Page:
Nagiso, Nagano Pref. – On the one hand: an ancient Japanese lacquerware technique dating back to the Heian Period (794-1185), famed for its delicate beauty, seasonal motifs and rich heritage. On the other: a 6-year-old girl who finds it hard to sit still and would rather be making “machines” out of twigs, stones and sticky tape.
I admit, I wasn’t quite sure what to expect when my youngest daughter came face-to-face with the very refined world of maki-e during a children’s workshop in a century-old atelier in Nagano Prefecture.
The art of maki-e has long been treasured in Japan. A clue into the craftsmanship that lies behind the lacquerware decoration technique is found in its name — which translates as “sprinkled picture.”
Typically, the technique involves highly skilled artisans hand-painting a picture onto a lacquerware surface, before carefully sprinkling it with a metal powder, such as gold, and then brushing it to fix the design in place. Not a process that immediately screams “kid-friendly.”
Our foray into the exclusive world of maki-e was arranged by Zenagi, an exquisitely renovated luxury kominka (historic Japanese-style house) located in the lush mountains of Nagano Prefecture’s Kiso Valley, which offers a packed array of high-quality bespoke activities.
In addition to a roll call of high-adrenaline athletics led by Olympic-level sportsmen (from paragliding to — as we tried the day before — river adventures on ducky kayaks and stand-up paddleboards), the hotel also has an impressively deep network of personal contacts with local artisans across the crafts-rich region.
Our maki-e experience unfolds one recent wintry day at family-run Kijiya Yamato Rokuro Woodworks, about 20 minutes southeast of Zenagi. One of Kiso Valley’s few remaining specialist lacquerware artisans, the family’s ancestors traveled through Japan’s forests for over 1,000 years before settling in the region 100 years ago.
After passing through a white noren entry curtain, we are greeted in a spacious shop — showcasing variations of quality wood carvings and lacquerware — where we swap shoes for indoor slippers.
Akari Ogura, the 20-something eldest daughter of the family, guides my two daughters — the 6-year-old plus her big sister, age 8 — past a sleeping dog into a tatami-mat room with light green walls and sliding paper screens dominated by a low central table.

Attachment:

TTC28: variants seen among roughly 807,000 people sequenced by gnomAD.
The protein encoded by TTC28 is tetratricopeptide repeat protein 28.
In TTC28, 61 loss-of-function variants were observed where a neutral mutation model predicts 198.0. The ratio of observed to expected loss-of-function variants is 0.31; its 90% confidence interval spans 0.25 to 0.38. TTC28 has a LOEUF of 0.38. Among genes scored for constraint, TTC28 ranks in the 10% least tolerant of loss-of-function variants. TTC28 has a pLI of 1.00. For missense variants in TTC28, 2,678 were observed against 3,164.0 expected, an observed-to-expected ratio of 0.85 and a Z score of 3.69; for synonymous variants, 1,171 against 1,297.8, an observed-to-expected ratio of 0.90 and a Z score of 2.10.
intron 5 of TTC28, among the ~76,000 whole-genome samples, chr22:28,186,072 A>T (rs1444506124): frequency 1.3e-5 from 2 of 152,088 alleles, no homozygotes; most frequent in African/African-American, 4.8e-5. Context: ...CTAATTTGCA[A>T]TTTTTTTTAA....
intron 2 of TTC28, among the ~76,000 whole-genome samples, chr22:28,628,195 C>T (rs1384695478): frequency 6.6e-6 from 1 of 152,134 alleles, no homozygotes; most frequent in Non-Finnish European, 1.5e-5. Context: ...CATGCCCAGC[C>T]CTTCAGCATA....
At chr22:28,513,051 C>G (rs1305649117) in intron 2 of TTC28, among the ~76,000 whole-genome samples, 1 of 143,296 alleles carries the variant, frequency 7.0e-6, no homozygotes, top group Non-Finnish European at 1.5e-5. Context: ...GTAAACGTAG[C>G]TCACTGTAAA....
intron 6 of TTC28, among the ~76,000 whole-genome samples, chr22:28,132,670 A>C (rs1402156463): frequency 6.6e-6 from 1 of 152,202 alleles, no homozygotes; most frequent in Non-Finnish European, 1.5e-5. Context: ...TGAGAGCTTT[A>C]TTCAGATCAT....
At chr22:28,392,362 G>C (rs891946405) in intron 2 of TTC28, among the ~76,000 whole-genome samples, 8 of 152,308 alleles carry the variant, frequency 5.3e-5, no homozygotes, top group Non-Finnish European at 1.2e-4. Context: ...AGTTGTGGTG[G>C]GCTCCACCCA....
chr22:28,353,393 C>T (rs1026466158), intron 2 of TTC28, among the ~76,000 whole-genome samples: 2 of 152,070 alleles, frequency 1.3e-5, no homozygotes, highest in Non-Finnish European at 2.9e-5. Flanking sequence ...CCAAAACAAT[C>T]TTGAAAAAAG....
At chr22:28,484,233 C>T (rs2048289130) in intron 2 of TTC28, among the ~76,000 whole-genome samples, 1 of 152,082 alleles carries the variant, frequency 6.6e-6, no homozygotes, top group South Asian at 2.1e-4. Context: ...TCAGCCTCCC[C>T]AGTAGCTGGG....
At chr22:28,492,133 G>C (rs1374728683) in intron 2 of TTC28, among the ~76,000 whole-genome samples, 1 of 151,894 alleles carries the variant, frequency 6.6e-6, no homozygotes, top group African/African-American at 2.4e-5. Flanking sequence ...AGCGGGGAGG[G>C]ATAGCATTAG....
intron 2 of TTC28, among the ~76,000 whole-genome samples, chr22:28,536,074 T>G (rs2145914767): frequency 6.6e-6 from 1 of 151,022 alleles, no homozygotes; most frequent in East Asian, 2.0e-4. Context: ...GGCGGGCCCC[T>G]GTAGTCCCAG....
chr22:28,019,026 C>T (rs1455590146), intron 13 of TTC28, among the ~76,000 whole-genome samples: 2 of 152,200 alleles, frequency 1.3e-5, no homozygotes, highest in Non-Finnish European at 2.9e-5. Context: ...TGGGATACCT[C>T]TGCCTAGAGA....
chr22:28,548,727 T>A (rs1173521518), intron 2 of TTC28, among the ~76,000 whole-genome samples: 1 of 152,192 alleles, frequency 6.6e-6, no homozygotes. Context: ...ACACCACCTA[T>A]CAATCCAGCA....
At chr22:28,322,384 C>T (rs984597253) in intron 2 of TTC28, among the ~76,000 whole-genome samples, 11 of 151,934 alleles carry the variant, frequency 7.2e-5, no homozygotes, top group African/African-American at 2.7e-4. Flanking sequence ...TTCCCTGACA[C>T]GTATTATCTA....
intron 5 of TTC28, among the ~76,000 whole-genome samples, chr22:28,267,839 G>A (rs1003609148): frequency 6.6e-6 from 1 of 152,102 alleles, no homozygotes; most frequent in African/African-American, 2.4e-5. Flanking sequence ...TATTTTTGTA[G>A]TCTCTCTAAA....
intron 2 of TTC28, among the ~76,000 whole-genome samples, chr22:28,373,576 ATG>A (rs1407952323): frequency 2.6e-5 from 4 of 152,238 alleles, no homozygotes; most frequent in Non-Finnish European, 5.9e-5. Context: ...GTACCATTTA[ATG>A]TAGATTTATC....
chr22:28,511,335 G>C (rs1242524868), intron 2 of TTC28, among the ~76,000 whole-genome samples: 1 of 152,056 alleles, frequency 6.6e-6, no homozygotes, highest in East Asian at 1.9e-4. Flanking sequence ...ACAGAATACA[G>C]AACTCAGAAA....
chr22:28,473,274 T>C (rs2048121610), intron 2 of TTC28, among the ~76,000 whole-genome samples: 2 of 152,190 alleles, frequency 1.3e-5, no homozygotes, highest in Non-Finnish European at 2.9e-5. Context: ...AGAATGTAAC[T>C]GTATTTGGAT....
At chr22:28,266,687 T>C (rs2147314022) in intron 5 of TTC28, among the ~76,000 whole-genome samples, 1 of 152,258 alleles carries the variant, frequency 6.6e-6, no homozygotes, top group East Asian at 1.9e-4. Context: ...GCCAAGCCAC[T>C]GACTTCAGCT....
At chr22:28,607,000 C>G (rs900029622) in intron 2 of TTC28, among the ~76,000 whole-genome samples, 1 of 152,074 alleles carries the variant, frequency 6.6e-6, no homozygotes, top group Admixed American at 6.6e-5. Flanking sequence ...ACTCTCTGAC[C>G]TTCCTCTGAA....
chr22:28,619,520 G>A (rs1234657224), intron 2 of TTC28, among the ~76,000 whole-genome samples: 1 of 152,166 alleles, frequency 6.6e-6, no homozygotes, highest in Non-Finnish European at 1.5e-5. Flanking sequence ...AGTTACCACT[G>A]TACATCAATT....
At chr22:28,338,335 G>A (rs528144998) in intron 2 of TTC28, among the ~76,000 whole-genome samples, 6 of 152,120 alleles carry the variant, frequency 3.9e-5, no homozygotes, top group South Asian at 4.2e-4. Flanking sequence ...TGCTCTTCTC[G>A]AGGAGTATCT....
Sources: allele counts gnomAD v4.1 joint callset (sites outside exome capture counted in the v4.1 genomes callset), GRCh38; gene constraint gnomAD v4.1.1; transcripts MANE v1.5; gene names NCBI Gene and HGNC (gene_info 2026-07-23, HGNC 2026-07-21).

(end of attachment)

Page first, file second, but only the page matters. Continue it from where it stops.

Gentle and friendly, Ogura immediately relaxes the children, who listen as she explains a little about what maki-e is, showing some examples of work, before diving into the fun.
As with all things Japanese, paying homage to the season is key, and it feels apt that Ogura first produces a stack of fine white paper with a selection of mainly winter images, not only traditional symbols such as tsubaki (camellias), but also a snowman.
Upon closer inspection, it turns out that the images have been drawn in calligraphic black on the paper, which is covered in a layer of white chalk on the underside.
My 8-year-old immediately reaches for the snowman, while her little sister ambitiously opts for a more traditional image of rabbits (her favorite animal) gazing up at a full moon.
The children are then presented with a shiny slab of black lacquerware upon which they are instructed to firmly place the paper and press across it with a flat device, just like making a rubbing.
The end result is a faint white outline of the picture on the black lacquerware slab — which the children are then told to paint over using a fine brush and thick dollops of liquid urushi lacquer (it’s a natural nut-based lacquer, to avoid allergic reactions — perfect for kids).
With unusually silent concentration, they set to work, carefully painting on the pictures (nearby, I also decide to tackle a bamboo motif). We swiftly learn it’s harder than it looks to follow the very fine white lines and perfectly replicate the brush strokes of the original images.
Paintings finally complete, Ogura ceremoniously hands each of the girls an essential maki-e tool — a small bamboo tube fitted with a fine-sieve net known as a funzutsu — packed with fine metal powder (in this instance, tin instead of precious gold or silver).
The girls gently tap the tool, causing small metallic clouds to descend on their still-wet lacquer-painted pictures, before using a large, soft brush to remove excess powder. The end result is their very first maki-e artwork, complete in all its sparkly glory.
The fun continues with additional Christmas tree maki-e pictures — placing tape in the shape of a tree on the lacquerware surface enables the children to make their own shapes and patterns inside it.
It’s thanks to Ogura’s patient and relaxed approach with the children — combined with her deep expertise — that the specialist art form, which normally requires years of intense training, is not only unusually accessible, but also fun.
“It normally takes years to master, but this is a very simple experience so it’s perfect for children,” Ogura explains. “I love making maki-e because you can play with seasonal drawings. It’s very Japanese, and I really want to make it more known in the world.”
At the end of the workshop, Ogura carefully places their creations (plus my wonky bamboo work) in paper boxes before wrapping them in a natural chestnut-dyed furoshiki cloth, which the girls happily carry all the way home, alongside precious memories of experiencing a treasured form of Japanese craftsmanship.
Zenagi (zen-resorts.com/en) can arrange an exclusive tailor-made children’s maki-e experience (recommended for children aged 3 and above), at Kijiya Yamato Rokuro Woodworks for guests, one of many available regional activities. A stay at Zenagi starts at ¥145,200/night per adult or child aged 6 and above, or ¥58,870/night for children under 5. Price includes three meals and one activity, plus taxes and service fees.
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